Fine Resolution Remote Sensing of Species in Terrestrial and Coastal Ecosystems
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Detailed and accurate information on the spatial distribution of individual species over large spatial extents and over multiple time periods is critical for rapid response and eﬀective management of environmental change. The twenty first century has witnessed a rapid development in both ﬁne resolution sensors and statistical theories and techniques. These innovations hold great potential for improved accuracy of species mapping using remote sensing.
Fine Resolution Remote Sensing of Species in Terrestrial and Coastal Ecosystems is a collection of eight cutting-edge studies of ﬁne spatial resolution remote sensing, including species mapping of biogenic and coral reefs, seagrasses, salt and freshwater marshes, and grasslands. The studies illustrate the power of fine resolution imagery for species identiﬁcation, as well as the value of unmanned aerial vehicle (UAV) imagery as an ideal source of high-quality reference data at the species level. The studies also highlight the benefit of LiDAR (Light Detection and Ranging) data for species identiﬁcation, and how this varies depending on the species of interest as well as the nature of the context in which the species is found. The broad range of applications explored in the book demonstrates the major contribution of remote sensing to species-level terrestrial and coastal ecosystem studies as well as the potential for future advances.
The chapters in this book were originally published as a special issue of the International Journal of Remote Sensing.
Table of Contents
Introduction: Fine resolution remote sensing of species in terrestrial and coastal ecosystems
Qi Chen, Tiit Kutser, Antoine Collin and Timothy A. Warner
1. Mapping freshwater marsh species in the wetlands of Lake Okeechobee using very high-resolution aerial photography and lidar data
Caiyun Zhang, Sara Denka and Deepak R. Mishra
2. Satellite-based salt marsh elevation, vegetation height, and species composition mapping using the superspectral WorldView-3 imagery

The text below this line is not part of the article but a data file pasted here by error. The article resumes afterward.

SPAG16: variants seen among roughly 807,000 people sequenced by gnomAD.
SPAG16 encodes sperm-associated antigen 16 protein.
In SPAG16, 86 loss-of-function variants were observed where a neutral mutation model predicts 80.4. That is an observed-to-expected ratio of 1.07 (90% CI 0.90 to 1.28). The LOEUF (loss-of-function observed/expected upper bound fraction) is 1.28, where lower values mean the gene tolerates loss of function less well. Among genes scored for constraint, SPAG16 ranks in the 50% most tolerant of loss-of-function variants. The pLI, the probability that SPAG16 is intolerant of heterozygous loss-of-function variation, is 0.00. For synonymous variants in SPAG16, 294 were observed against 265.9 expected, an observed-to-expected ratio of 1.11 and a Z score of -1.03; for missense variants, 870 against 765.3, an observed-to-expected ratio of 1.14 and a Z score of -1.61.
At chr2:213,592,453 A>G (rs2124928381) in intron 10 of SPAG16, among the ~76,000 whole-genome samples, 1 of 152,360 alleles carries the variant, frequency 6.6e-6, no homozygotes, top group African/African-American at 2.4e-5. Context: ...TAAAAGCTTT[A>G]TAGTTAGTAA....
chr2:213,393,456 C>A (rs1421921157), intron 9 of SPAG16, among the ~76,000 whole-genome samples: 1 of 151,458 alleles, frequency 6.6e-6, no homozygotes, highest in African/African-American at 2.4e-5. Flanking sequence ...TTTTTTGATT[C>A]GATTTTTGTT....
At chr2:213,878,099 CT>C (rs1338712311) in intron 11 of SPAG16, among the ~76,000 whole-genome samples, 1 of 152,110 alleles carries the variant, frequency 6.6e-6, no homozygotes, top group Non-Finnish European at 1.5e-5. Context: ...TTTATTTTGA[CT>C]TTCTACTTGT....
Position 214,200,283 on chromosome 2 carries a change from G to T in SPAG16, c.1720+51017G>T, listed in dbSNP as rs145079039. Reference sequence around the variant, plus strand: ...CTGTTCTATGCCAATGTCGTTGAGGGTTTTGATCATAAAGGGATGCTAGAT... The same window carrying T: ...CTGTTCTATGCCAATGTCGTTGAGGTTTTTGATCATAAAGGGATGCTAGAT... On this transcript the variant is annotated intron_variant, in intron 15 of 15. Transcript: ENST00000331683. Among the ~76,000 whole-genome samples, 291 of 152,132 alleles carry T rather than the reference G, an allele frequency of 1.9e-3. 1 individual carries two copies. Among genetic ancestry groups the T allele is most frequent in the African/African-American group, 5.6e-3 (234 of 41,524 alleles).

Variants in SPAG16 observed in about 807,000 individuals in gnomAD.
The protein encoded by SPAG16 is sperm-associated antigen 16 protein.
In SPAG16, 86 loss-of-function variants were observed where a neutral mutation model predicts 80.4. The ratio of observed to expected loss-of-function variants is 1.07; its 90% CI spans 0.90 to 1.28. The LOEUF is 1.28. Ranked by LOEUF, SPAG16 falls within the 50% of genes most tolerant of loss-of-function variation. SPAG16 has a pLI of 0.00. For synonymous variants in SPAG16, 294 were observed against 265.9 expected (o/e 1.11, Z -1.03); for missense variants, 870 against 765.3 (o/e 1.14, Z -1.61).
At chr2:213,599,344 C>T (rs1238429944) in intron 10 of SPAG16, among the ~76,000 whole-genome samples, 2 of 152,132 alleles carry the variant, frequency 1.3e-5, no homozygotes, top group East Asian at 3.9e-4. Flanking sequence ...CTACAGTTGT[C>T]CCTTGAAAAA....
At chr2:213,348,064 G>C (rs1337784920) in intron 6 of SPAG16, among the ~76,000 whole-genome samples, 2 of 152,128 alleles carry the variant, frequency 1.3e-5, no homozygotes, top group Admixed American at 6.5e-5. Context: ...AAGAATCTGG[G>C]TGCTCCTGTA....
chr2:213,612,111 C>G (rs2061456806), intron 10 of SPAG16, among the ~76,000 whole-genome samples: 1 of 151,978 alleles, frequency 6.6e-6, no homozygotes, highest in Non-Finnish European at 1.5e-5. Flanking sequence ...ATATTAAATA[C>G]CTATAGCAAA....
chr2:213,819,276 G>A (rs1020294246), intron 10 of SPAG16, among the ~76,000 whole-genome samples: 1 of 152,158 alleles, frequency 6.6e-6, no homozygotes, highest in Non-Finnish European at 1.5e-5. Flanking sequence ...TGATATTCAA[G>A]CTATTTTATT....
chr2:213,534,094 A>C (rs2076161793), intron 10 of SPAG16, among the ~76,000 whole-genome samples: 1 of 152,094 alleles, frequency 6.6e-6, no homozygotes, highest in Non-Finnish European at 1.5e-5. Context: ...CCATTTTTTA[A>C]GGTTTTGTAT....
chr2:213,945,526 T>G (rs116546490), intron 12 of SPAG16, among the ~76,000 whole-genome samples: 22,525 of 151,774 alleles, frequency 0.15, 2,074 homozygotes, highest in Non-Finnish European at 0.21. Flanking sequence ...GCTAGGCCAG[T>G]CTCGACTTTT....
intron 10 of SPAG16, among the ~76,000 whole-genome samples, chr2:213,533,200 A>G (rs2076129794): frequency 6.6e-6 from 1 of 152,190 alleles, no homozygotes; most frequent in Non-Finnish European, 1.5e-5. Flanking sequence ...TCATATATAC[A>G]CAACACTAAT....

Antoine Collin, Natasha Lambert and Samuel Etienne
3. Mapping semi-natural grassland communities using multi-temporal RapidEye remote sensing data
Christoph Raab, H. G. Stroh, B. Tonn, M. Meißner, N. Rohwer, N. Balkenhol and J. Isselstein
4. Very high-resolution mapping of emerging biogenic reefs using airborne optical imagery and neural network: the honeycomb worm (Sabellaria alveolata) case study
Antoine Collin, Stanislas Dubois, Camille Ramambason and Samuel Etienne
5. Very high resolution mapping of coral reef state using airborne bathymetric LiDAR surface-intensity and drone imagery
Antoine Collin, Camille Ramambason, Yves Pastol, Elisa Casella, Alessio Rovere, Lauric Thiault, Benoît Espiau, Gilles Siu, Franck Lerouvreur, Nao Nakamura, James L. Hench, Russell J. Schmitt, Sally J. Holbrook, Matthias Troyer and Neil Davies
6. A comparison of airborne hyperspectral-based classifications of emergent wetland vegetation at Lake Balaton, Hungary
Dimitris Stratoulias, Heiko Balzter, András Zlinszky and Viktor R. Tóth
7. Predicting macroalgal pigments (chlorophyll a, chlorophyll b, chlorophyll a + b, carotenoids) in various environmental conditions using high-resolution hyperspectral spectroradiometers
Ele Vahtmäe, Jonne Kotta, Helen Orav-Kotta, Ilmar Kotta, Merli Pärnoja and Tiit Kutser
8. Assessment of PlanetScope images for benthic habitat and seagrass species mapping in a complex optically shallow water environment
Pramaditya Wicaksono and Wahyu Lazuardi
Qi Chen is Professor of Geography and Environment at the University of Hawaiʻi at Mānoa. His research focuses on the use of lidar, high spatial resolution remote sensing, statistical modelling, and artificial intelligence for environmental mapping and monitoring.
Tiit Kutser is Professor of Remote Sensing at the Estonian Marine Institute, University of Tartu. His research covers many different topics from mapping water quality parameters (including HABs) in coastal and inland waters to benthic habitat (including coral reefs) mapping and the role of lakes in the global carbon cycle.
Antoine Collin is Associate Professor of Geography and Ecology at Paris Sciences Letters (PSL) University. His research links the coastal natural and social sciences in the ocean-climate change. He maps and models costal environments using high spatio-temporal resolution spaceborne, airborne, handborne, waterborne data, and machine learning.
Timothy A. Warner is Emeritus Professor of Geology and Geography at West Virginia University. He served as editor in chief of the International Journal of Remote Sensing from 2014 to 2020. He is a Fellow of the American Society of Photogrammetry and Remote Sensing.